Thirty-Five Year Old – Beatrice Gilray

Beatrice Gilray was mending a pink silk camisole. She was thirty-five, but seemed younger, or rather seemed ageless. Her skin was clear and fresh. From shallow and unwrinkled orbits the eyes looked out, shining. In a sharp, determined way her face was not unhandsome, but with something intrinsically rather comic about the shape and tilt of the nose, something slightly absurd about the bright beadiness of the eyes, the pouting mouth and round defiant chin. But one laughed with her as well as at her; for the set of her lips was humorous and the expression of her round astonished eyes was mocking and mischievously inquisitive.

She stitched away. The clock ticked. The moving instant which, according to Sir Isaac Newton, separates the infinite past from the infinite future advanced inexorably through the dimension of time. Or, if Aristotle was right, a little more of the possible was every instant made real; the present stood still and drew into itself the future, as a man might suck for ever at an unending piece of macaroni. Every now and then Beatrice actualized a potential yawn. In a basket by the fireplace a black she-cat lay on her side purring and suckling four blind and parti-coloured kittens. The walls of the room were primrose yellow. On the top shelf of the bookcase the dust was thickening on the text-books of Assyriology which she had bought when Peter Slipe was the tenant of her upper floor. A volume of Pascal’s Thoughts, with pencil annotations by Burlap, lay open on the table. The clock continued to tick.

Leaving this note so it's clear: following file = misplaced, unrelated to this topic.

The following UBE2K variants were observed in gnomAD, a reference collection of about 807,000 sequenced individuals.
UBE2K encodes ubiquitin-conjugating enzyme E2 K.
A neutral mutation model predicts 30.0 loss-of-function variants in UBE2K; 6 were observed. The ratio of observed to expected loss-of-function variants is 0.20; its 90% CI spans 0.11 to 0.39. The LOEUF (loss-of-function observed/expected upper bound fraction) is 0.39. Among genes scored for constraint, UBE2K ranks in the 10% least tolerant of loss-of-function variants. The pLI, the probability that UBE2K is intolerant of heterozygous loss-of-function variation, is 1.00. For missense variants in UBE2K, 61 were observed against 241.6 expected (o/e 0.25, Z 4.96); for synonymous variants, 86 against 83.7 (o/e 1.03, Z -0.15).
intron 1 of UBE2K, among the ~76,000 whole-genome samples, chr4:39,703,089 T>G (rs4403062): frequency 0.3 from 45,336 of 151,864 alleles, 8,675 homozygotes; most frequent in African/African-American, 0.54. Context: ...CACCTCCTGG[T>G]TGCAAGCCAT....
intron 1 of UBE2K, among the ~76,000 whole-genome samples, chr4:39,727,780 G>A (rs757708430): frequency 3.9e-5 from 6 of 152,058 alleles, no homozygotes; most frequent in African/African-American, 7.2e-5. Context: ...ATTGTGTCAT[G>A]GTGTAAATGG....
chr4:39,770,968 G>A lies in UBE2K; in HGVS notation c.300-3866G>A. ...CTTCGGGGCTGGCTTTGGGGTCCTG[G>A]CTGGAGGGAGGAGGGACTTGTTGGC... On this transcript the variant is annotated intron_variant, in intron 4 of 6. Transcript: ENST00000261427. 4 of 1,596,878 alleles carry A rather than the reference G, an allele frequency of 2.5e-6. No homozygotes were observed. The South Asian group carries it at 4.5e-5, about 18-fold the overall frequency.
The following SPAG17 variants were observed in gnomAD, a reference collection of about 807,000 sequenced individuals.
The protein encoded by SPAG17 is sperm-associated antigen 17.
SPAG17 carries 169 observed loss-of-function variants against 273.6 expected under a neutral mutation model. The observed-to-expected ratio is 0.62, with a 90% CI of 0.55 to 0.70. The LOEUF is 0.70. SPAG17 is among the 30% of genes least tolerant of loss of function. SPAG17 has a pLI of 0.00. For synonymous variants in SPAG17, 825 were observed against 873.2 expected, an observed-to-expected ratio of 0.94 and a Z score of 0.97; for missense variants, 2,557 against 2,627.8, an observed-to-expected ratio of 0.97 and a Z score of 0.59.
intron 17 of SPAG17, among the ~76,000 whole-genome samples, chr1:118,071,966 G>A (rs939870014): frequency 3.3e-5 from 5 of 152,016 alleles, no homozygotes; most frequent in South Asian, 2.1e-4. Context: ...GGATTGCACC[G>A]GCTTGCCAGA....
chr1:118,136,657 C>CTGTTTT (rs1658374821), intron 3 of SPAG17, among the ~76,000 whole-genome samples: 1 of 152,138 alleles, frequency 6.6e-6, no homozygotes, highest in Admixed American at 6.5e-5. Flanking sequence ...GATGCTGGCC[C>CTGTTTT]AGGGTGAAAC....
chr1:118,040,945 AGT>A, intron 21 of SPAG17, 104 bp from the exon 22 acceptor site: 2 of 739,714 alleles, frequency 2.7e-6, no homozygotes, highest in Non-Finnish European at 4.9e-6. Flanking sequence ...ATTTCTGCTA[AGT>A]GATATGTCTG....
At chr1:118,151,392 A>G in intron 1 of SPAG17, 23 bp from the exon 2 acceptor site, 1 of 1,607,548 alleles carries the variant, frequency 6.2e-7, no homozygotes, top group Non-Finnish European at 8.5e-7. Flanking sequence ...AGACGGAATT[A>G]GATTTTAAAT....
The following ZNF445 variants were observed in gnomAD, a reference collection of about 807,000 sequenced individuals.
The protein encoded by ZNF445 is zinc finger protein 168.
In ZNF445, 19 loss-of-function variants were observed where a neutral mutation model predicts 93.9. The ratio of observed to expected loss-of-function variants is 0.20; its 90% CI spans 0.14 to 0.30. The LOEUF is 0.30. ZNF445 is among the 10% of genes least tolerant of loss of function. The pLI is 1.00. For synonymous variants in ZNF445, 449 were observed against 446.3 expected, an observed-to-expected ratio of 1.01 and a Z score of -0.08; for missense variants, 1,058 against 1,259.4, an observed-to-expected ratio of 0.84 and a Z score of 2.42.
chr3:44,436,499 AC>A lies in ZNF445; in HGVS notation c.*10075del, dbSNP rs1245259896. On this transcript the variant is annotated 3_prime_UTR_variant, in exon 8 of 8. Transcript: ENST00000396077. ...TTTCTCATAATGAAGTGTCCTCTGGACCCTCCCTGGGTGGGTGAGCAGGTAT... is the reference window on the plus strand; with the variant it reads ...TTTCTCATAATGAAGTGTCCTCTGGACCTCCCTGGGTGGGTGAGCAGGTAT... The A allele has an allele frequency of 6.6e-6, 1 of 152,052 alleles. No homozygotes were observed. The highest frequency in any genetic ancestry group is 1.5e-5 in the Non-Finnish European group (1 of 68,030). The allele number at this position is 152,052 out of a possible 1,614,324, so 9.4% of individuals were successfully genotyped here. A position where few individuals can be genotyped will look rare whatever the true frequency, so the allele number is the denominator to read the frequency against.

Aldous Huxley, Point Counter Point

Published in: 35 Years Old | on June 12th, 2010 | No Comments »

Twenty-Three Year Old – Denis Stone

 

 

They were snorting out of West Bowlby now. It was the next station, thank Heaven. Denis took his chattels off the rack and piled them neatly in the corner opposite his own. A futile proceeding. But one must have something to do. When he had finished, he sank back into his seat and closed his eyes. It was extremely hot.

Oh, this journey! It was two hours cut clean out of his life; two hours in which he might have done so much, so much – written the perfect poem, for example, or read the one illuminating book. Instead of which – his gorge rose at the smell of the dusty cushions against which he was leaning.

Two hours. One hundred and twenty minutes. Anything might be done in that time. Anything. Nothing. Oh, he had had hundreds of hours, and what had he done with them? Wasted them, spilt their precious minutes as though his reservoir were inexhaustible. Denis groaned in spirit, condemned himself utterly with all his works. What right mind had he to sit in the sunshine, to occupy corner seats in third-class carriages, to be alive? None, none, none.

Misery and a nameless nostalgic distress possessed him. He was twenty-three, and oh! so agonizingly conscious of the fact.

Aldous Huxley, Crome Yellow

Published in: 23 Years Old | on February 7th, 2010 | No Comments »